Hey, thanks for tuning into the second part of the two part series on Third Culture Kids (TCKs). A Third Culture Kid is someone who has lived (or living) in a country different to their parents or their own nationality. TCKs mix their birth culture with their adopted culture, to create a Third Culture.
In Part 1, we looked at what it means to be a TCK from a Pan-African Perspective, so on this episode I’ve flipped the script to include perspectives from a range of TCKs from Europe, the Middle East, North Africa, South America, Africa, Canada and Asia.
On this episode #6 Third Culture Kids (A Global Perspective), we talk about the extent to which being connected to various cultures, and also no particular culture creates a new perspective. We speak candidly about how the current political, social and racial climate has challenged, shaped and in some ways strengthened our ability to see the world with a unique lens.
Emphasis on the world ‘really’; this is an awkward question that I’ve now learnt to handle by tailoring my answer depending on who is asking. Am I Ugandan? Yes, but when I’m in Ugandan I’m considered (and feel) British, so is there a way of identifying that I’m a mix of things?
To what extent does our identity need to be rooted in where we are from ethnically and is there a way (or benefit) to moving away from this?
NEW Episode UP ⬆️⬆️⬆️ Part 2: Third Culture Kids! Listen on my Blog, Soundcloud, iTunes, PodAfrica 🎧 (world traveller extraordinaire @karenfost 😅) thank you to: @julianobubo @juliefost @taiaraffel @sheriny and of course @theafricacentre 🙌🏾 this was hella fun. – You're listening to the start of a candid conversation about what it means to be brought up in a mix of places, and the extent to which it shapes our world view. – We also also talk about the stupid questions we get asked and how the current political climate regarding race, immigration and nationalism is impacting what we think, how we feel and where we might go next. – Subscribe to the AFROBLUSH Blog and Podcast for the latest in the best in candid conversations on culture and lifestyle. Plus follow me, Louisa on all the socials! @afroblush and obvs, let me know your thoughts below. – #afroblush #culture #travel #race #thirdculture #podcast #podcasts #stereotypes #questions #foodforthought #world #listen #london #denmark #middleeast #religion #uganda #Nigeria #Egypt #brazil
Tired of being called a White person when you go ‘home?’
For many of us TCKs who speak passionately about our motherland, we are frequently met with a resistance and questioning of our authenticity when we go back home. The word in my language is Mzungu, in Nigerian it’s Oyinbo and in Chinese it’s Jook Sing – these words mean or are used to refer to white people or non-white people that might as well be white. Have you ever faced this, and if so, what’s the word in your mother tongue?
“Jook Sing, that’s the term that people use to describe people who don’t know the culture or speak the language. It’s very offensive actually, but you get used to it over time, and in that culture’s perspective, they are not trying to be mean, they are just stating a fact” – Jessica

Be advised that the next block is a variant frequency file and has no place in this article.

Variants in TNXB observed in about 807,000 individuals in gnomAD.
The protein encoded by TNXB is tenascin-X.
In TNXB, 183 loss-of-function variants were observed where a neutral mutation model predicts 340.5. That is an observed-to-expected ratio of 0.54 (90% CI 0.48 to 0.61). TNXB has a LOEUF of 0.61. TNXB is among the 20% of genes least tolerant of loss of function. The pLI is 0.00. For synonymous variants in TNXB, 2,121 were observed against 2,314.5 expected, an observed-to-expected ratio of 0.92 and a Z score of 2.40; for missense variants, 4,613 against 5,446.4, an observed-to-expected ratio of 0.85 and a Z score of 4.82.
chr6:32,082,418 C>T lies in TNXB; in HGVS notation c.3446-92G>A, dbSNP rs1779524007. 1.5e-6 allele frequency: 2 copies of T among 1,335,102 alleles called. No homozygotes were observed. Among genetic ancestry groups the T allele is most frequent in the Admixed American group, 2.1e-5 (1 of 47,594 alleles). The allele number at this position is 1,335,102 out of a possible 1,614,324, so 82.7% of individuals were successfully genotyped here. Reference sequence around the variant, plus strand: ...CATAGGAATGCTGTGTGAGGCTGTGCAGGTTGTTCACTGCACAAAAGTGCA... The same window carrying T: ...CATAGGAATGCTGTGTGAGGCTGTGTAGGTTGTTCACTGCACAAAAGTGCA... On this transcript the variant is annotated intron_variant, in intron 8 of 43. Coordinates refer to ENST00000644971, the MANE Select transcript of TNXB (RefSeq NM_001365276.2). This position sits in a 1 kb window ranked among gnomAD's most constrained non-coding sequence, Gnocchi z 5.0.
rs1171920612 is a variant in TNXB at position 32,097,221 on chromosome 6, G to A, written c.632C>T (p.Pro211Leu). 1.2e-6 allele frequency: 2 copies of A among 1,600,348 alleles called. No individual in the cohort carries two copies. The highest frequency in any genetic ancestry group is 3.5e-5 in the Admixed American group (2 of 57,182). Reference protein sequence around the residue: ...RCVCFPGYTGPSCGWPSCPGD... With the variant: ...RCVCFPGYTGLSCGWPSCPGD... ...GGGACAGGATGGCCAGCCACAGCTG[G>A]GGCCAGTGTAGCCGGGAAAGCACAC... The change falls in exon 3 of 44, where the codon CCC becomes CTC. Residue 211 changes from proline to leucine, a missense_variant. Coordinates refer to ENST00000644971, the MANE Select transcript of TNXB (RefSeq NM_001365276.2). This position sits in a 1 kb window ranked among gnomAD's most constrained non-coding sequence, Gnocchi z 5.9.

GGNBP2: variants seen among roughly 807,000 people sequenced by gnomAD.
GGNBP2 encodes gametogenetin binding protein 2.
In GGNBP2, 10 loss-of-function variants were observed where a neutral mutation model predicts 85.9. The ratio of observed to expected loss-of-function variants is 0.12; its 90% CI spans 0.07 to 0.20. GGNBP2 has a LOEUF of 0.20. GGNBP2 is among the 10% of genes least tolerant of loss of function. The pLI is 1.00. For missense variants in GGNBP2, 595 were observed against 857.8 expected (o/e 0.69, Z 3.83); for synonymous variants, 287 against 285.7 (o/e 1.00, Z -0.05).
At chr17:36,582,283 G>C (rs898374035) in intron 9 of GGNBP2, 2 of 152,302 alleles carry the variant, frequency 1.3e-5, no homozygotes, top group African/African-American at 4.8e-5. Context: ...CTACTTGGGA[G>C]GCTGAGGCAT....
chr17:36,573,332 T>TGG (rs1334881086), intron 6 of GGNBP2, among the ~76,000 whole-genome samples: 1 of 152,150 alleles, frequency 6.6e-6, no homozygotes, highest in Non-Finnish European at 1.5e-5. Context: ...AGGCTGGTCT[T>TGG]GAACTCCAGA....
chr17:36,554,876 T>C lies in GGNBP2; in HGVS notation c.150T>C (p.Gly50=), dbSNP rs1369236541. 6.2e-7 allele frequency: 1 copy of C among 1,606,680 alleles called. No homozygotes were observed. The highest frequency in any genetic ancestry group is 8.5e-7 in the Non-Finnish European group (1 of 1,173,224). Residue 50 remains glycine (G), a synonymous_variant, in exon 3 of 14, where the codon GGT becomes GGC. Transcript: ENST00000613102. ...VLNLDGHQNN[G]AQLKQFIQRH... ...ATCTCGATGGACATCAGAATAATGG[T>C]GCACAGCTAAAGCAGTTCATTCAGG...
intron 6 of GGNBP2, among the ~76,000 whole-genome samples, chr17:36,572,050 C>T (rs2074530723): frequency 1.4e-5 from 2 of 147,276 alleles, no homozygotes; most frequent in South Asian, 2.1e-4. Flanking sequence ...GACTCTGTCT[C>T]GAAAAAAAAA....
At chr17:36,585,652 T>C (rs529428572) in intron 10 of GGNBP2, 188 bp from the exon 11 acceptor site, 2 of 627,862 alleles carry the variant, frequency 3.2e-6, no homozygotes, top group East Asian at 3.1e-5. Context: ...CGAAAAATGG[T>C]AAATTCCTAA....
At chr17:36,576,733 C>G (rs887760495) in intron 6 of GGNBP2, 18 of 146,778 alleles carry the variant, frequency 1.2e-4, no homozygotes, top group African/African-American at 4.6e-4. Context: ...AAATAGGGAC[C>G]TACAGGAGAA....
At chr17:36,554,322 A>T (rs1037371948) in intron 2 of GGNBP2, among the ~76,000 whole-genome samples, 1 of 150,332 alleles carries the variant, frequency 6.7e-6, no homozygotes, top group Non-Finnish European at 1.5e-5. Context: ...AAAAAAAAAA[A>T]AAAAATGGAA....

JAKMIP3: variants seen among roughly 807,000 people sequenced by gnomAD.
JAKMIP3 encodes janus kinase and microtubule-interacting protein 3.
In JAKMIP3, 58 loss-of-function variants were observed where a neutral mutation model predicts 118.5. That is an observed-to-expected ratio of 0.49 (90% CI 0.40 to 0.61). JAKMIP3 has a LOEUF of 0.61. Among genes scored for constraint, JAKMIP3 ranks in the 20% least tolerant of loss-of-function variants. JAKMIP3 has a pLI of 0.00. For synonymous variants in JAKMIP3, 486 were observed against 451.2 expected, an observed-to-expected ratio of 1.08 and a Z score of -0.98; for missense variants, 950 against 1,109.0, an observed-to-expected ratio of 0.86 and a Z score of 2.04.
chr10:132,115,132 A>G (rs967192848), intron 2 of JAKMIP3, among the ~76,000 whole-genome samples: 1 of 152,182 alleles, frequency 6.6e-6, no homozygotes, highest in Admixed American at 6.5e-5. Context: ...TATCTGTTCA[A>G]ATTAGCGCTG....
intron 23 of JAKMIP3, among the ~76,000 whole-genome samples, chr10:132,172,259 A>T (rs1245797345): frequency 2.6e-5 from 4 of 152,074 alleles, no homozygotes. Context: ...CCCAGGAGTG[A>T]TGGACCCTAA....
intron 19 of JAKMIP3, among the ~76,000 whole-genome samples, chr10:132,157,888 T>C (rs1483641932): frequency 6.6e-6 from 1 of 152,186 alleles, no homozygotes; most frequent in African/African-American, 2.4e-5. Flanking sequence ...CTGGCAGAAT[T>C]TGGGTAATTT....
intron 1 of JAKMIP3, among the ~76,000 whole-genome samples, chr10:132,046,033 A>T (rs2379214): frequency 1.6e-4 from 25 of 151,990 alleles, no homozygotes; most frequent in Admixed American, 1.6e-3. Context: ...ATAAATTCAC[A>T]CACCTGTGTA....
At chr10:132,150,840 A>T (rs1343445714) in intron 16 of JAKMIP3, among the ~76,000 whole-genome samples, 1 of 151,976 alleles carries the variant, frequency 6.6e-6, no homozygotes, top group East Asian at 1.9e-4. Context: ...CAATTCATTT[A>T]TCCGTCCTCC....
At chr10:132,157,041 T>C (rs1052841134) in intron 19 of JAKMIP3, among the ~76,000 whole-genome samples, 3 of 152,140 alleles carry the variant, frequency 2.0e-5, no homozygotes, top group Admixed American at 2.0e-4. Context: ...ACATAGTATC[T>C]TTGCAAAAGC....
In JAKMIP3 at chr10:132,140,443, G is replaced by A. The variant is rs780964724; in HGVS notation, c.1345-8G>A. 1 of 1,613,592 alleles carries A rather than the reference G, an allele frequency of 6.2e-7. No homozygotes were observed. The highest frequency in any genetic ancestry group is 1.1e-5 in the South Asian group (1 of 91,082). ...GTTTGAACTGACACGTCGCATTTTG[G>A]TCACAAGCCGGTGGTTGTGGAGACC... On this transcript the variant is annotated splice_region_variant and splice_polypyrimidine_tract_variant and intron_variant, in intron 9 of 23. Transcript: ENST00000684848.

“When you’ve gone out of your way to not identify yourself as British, it can be a little annoying as, your own people unravel this identity you’ve tried so hard to construct” -Louisa
“I can identify with coming back home and thinking ‘yeah, I’m back at home with my people’ and they’re like ‘eerr, no you’re not, you don’t speak the language. It’s a bit destabilising and I think have to craft an identity of what it means to be a Nigerian, who does not live in Nigeria or speak any of the local languages. Is there a space to articulate that? What makes a Nigerian a Nigerian anyways?’” – Julian
Stupid questions people ask…
Silly questions, we’ve all asked them and when you’re a TCK you can’t avoid them. Here are some of the not so intelligent questions we’ve been asked.
“Say something in Danish…anything” Karen
“This is my name, how do you say it in Chinese?” Jessica
“Do you live in pyramids in Egypt? And do you ride camels?” Sherine
“What about Idi Amin tho?” Louisa
“Do you even know what’s going on in Nigeria?” Julian
“Do you have a big butt – or do you see women with big butts?” Taia
“Good Immigrants” and racism in a post 9/11 world
In Europe, and I shall speak on behalf of the UK, there is a latent racism that’s been boiling and risen to the surface. So many people have confused legitimate concerns about the bureaucracy of staying in the EU, with vibrant, blatant and unapologetic racism. It doesn’t help that the media has ever so neatly wrapped all of this up and packed under the facade of inconvenient immigration. It’s problematic to say the least.
One result of this is now racism has layers like it’s never had before, being an immigrant isn’t just about being black or brown, but assimilation. Creating a discourse that goes something like this:
“F**k off all you immigrants taking our jobs, health services and raping our white women”
“Oh I didn’t mean you Mo, you’re one of the good ones. You have a British accent and remind me of Aziz Ansarai from Master of None”
“They say to me ‘oh you’ll be fine, you’re one of the good ones’, and then I have to ask ‘so you think there are some Europeans that are better than others?’” Karen
“The signifiers of racism has always been black and brown people. Those signifiers are still there, but now one of the underlying causes is Europe, which is full of White people. So now people are saying ‘we don’t want to be in Europe anymore, and you brown people leave too’ – it doesn’t make any sense” Julian
Thanks for listening!
Whether you’re a TCK too or someone who loves to learn and understand different cultures, I hope you found this episode as funny, interesting, and as thought-provoking as I did.
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Thanks again for listening. Much love and more life!